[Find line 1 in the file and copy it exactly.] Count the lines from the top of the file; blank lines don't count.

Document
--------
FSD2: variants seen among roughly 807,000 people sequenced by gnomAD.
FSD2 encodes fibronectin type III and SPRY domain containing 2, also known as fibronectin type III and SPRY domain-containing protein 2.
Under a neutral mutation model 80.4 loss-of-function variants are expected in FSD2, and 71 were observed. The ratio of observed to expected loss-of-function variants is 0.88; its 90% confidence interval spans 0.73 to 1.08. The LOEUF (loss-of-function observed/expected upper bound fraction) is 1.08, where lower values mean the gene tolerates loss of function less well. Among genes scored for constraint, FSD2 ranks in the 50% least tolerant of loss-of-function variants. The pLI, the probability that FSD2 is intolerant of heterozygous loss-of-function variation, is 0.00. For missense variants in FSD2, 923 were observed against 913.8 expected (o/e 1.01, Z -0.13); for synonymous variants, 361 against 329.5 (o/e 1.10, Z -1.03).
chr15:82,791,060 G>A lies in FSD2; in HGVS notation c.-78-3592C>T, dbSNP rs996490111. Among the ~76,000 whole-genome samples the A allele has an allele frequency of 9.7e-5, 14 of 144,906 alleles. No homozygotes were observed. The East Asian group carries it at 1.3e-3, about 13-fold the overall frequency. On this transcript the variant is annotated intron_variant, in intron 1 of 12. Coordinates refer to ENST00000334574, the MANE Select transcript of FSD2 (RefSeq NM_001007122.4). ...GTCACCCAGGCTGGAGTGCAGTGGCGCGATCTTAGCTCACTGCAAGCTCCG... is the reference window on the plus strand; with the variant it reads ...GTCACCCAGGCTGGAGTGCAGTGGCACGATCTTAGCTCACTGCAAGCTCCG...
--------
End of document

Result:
FSD2: variants seen among roughly 807,000 people sequenced by gnomAD.